R.A. Montgomery, Author And Publisher Of Choose Your Own Adventure Books, Dead At 78

Author And Publisher Of Choose Your Own Adventure Books Dies At 78

R.A. Montgomery, the author and publisher who founded the Choose Your Own Adventure book series, died Nov. 9 while at his home in Vermont. He was 78.

Montgomery's popular Choose Your Own Adventure series allowed readers to select different actions at different points in the plot, leading to different outcomes and, ultimately, a variety of conclusions. His passion for the series was rooted in his value for finding innovative ways of reaching young learners, as he believed the role-playing element of the series allowed students to learn to fully engage in a book.

Before entering the publishing arena, Montgomery worked in education, and was for some time employed by the think tank Clark Abt Associates, where he became fascinated by the value of role-playing games. He continued to experiment with developing these games in the ensuing years, seeing them as a valuable educational method.

In 1975, Montgomery founded a small press with his first wife, Constance Cappel. When, in 1977, Ed Packard submitted his choose-your-own-adventure book for young readers, Sugarcane Island, Montgomery leapt at the chance to publish a book that incorporated role-playing principles. But he didn't stop there -- he launched a series then called The Adventures of You and went on to write the follow-up himself. When Montgomery went through a divorce and sold his stake in the press to his ex-wife, he took his series, renamed the Choose Your Own Adventure series, to Bantam.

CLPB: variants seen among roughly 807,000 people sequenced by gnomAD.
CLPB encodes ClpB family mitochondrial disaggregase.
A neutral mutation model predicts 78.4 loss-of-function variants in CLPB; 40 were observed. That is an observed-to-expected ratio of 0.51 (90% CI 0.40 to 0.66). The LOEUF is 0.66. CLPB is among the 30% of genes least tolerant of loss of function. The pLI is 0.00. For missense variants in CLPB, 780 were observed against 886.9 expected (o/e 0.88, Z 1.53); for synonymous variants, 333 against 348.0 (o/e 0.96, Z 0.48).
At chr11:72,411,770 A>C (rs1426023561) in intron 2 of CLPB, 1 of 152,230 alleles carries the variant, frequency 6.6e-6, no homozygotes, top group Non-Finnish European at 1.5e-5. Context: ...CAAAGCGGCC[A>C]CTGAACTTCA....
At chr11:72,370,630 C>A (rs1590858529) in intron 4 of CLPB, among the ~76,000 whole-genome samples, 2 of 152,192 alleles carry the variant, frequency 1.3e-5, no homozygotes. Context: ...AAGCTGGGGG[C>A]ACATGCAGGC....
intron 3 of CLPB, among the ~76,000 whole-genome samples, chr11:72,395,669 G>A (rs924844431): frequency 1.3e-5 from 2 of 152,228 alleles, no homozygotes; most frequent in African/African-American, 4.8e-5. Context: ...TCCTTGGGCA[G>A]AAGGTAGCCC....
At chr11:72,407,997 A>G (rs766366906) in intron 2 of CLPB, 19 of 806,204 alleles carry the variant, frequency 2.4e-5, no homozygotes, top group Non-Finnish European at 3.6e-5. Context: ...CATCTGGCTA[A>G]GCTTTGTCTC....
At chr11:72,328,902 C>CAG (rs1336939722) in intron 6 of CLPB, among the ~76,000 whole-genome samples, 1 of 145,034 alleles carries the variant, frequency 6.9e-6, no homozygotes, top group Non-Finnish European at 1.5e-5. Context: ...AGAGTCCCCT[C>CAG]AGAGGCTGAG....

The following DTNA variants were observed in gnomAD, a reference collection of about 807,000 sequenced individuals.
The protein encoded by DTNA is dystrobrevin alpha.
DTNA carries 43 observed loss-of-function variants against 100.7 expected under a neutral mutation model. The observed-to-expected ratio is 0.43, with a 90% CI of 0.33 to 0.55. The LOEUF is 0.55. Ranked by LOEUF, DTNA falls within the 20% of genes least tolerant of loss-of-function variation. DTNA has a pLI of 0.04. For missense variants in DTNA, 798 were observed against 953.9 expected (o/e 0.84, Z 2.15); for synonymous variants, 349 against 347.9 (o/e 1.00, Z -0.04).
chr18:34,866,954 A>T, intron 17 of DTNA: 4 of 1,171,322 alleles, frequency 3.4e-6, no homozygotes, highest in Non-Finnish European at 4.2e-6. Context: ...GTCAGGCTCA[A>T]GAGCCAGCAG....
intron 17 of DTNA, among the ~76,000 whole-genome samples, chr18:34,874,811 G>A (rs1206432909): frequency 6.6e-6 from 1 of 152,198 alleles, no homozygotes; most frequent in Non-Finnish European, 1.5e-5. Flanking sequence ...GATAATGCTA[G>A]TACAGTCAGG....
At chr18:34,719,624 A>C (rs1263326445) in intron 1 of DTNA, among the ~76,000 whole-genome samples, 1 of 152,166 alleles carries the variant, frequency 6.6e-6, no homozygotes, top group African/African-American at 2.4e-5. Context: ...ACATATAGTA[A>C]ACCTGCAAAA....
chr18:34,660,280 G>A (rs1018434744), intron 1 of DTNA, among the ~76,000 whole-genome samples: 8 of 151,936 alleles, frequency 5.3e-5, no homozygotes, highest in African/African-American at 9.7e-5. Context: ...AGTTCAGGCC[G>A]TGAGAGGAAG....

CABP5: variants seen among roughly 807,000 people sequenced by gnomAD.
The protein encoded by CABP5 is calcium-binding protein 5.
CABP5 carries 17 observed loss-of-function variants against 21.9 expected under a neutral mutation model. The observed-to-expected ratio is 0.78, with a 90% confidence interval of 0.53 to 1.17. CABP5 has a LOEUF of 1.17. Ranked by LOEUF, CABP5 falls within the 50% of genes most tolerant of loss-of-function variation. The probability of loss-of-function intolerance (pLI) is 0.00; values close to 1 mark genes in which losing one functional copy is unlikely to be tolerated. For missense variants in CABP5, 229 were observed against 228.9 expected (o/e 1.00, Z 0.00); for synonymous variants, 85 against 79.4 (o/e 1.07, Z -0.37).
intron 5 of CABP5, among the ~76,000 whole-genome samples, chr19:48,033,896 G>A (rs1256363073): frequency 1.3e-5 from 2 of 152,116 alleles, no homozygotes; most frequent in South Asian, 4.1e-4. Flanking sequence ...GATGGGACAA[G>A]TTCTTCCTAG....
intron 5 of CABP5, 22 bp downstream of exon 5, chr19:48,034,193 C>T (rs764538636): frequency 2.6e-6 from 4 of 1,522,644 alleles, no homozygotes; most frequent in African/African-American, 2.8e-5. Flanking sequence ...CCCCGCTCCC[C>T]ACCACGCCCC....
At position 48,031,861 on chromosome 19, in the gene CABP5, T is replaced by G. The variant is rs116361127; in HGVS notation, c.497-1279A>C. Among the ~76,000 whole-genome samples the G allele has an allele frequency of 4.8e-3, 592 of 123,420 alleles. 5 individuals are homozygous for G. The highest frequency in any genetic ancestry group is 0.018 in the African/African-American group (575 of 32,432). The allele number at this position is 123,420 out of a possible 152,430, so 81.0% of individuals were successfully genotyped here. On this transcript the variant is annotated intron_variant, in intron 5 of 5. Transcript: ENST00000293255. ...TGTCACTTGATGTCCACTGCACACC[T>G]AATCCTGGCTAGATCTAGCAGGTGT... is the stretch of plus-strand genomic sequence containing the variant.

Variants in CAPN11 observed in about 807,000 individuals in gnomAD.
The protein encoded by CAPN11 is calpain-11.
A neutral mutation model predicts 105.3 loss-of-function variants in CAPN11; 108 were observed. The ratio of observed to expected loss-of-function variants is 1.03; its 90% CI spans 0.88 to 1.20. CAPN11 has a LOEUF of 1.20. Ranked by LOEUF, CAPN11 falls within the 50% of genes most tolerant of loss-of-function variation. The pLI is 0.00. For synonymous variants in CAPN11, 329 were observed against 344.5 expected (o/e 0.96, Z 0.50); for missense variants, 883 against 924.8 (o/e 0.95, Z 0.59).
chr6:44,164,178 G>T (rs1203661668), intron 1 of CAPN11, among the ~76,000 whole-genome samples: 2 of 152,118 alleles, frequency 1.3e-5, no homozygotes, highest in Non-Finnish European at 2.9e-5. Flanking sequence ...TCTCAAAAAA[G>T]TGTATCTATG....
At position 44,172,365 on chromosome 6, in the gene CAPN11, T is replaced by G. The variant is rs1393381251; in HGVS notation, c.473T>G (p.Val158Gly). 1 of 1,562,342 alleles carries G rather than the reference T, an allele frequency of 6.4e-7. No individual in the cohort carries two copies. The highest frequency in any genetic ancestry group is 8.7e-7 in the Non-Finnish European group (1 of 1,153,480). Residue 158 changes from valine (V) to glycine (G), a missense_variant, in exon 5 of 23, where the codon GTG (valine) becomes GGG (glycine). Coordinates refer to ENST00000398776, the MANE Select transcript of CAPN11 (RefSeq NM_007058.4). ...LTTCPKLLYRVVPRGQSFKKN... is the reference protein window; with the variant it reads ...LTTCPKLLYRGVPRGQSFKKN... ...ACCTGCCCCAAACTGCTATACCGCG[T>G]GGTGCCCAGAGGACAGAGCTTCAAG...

The series, written by Montgomery, Packard and a number of other authors over the years, gained a wide following. The series has sold more than 250 million copies in 40 languages. Though Bantam Doubleday Dell ended publication of new installations in 2000, Montgomery and his wife, Shannon Gilligan, relaunched the series under Chooseco LLC in 2003. Montgomery's last new book in the series, Gus vs. the Robot King was just published in September.

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